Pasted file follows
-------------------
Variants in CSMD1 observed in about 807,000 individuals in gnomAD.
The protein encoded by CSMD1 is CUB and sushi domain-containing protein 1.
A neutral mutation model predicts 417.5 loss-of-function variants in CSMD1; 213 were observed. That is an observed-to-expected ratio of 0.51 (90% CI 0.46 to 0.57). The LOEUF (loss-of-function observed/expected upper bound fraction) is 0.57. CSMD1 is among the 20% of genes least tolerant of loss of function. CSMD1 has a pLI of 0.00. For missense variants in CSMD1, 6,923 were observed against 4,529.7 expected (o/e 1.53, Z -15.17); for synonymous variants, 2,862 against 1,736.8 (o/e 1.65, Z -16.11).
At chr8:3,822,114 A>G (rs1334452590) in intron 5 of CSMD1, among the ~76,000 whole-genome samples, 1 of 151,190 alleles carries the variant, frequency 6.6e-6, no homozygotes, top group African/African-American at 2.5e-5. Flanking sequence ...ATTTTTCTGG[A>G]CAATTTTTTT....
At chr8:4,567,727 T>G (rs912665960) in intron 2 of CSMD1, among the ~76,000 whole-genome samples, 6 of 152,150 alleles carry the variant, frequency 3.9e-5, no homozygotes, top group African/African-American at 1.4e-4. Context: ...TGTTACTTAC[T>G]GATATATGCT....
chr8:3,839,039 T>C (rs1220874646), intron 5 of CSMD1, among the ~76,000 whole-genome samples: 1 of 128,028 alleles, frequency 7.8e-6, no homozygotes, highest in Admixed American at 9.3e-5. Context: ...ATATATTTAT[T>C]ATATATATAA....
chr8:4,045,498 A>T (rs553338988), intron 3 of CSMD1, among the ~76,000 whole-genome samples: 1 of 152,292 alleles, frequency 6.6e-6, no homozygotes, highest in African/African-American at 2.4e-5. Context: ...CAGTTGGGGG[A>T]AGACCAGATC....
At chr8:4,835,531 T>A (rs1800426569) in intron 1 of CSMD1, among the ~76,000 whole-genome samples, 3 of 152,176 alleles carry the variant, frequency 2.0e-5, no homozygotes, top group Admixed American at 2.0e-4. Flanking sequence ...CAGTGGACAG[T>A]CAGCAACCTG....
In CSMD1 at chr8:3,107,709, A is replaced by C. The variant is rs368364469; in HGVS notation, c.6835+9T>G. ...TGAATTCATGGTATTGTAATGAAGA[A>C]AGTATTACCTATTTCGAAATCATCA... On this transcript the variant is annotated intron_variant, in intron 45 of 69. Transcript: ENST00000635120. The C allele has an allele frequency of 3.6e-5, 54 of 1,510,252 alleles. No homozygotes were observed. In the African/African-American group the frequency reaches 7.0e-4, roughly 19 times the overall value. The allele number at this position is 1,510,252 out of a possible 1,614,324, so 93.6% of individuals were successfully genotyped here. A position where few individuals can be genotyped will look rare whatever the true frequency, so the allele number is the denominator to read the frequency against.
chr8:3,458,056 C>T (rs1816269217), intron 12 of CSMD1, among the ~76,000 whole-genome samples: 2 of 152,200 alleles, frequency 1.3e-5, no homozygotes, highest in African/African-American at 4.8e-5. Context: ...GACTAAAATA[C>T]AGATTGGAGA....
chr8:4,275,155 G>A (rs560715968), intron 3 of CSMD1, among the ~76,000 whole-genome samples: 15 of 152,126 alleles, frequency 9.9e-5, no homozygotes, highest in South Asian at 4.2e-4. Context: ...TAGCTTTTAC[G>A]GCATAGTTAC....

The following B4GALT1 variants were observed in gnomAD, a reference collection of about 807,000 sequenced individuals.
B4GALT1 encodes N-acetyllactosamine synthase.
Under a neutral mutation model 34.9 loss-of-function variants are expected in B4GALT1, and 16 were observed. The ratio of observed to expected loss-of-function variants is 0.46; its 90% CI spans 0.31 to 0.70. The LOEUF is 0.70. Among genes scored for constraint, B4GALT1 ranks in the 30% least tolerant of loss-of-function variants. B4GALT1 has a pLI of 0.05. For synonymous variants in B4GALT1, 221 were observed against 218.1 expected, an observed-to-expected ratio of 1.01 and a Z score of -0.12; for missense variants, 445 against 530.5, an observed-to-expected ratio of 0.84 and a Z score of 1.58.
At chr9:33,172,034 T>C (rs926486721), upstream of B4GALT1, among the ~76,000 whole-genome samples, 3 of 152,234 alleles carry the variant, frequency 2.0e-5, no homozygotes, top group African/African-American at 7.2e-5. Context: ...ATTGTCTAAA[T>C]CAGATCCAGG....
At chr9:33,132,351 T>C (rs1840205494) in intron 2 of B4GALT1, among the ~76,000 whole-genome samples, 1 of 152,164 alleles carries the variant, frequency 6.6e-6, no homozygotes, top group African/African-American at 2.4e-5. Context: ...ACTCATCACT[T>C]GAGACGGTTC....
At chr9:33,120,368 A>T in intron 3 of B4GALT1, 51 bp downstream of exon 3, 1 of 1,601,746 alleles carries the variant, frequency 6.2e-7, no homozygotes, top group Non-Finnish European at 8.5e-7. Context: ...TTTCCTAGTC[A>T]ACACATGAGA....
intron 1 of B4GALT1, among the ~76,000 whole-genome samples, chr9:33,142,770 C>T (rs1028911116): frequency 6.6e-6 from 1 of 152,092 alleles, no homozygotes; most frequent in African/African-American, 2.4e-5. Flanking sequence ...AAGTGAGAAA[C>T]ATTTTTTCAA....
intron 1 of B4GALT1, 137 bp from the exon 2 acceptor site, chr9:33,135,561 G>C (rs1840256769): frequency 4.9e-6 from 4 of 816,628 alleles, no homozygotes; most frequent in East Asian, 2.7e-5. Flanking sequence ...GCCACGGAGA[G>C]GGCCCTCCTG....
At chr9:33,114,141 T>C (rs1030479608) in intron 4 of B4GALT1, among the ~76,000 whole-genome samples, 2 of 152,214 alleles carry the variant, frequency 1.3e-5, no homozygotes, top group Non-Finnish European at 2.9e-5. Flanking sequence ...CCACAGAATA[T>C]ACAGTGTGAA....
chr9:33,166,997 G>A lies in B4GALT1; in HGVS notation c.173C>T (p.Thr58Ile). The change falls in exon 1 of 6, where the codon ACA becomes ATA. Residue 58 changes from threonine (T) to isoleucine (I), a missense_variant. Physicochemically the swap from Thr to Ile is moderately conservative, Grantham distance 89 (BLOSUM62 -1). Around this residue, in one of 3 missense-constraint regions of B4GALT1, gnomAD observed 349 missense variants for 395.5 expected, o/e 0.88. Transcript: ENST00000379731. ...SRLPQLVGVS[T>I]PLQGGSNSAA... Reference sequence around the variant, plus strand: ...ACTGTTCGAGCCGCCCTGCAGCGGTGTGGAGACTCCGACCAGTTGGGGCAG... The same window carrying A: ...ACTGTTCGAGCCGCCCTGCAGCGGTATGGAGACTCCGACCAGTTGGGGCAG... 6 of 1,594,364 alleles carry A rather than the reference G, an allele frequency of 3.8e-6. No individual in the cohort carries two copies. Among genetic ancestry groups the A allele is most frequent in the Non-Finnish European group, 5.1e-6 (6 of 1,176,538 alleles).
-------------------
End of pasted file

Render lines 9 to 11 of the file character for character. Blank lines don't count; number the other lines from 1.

In CSMD1 at chr8:3,107,709, A is replaced by C. The variant is rs368364469; in HGVS notation, c.6835+9T>G. ...TGAATTCATGGTATTGTAATGAAGA[A>C]AGTATTACCTATTTCGAAATCATCA... On this transcript the variant is annotated intron_variant, in intron 45 of 69. Transcript: ENST00000635120. The C allele has an allele frequency of 3.6e-5, 54 of 1,510,252 alleles. No homozygotes were observed. In the African/African-American group the frequency reaches 7.0e-4, roughly 19 times the overall value. The allele number at this position is 1,510,252 out of a possible 1,614,324, so 93.6% of individuals were successfully genotyped here. A position where few individuals can be genotyped will look rare whatever the true frequency, so the allele number is the denominator to read the frequency against.
chr8:3,458,056 C>T (rs1816269217), intron 12 of CSMD1, among the ~76,000 whole-genome samples: 2 of 152,200 alleles, frequency 1.3e-5, no homozygotes, highest in African/African-American at 4.8e-5. Context: ...GACTAAAATA[C>T]AGATTGGAGA....
chr8:4,275,155 G>A (rs560715968), intron 3 of CSMD1, among the ~76,000 whole-genome samples: 15 of 152,126 alleles, frequency 9.9e-5, no homozygotes, highest in South Asian at 4.2e-4. Context: ...TAGCTTTTAC[G>A]GCATAGTTAC....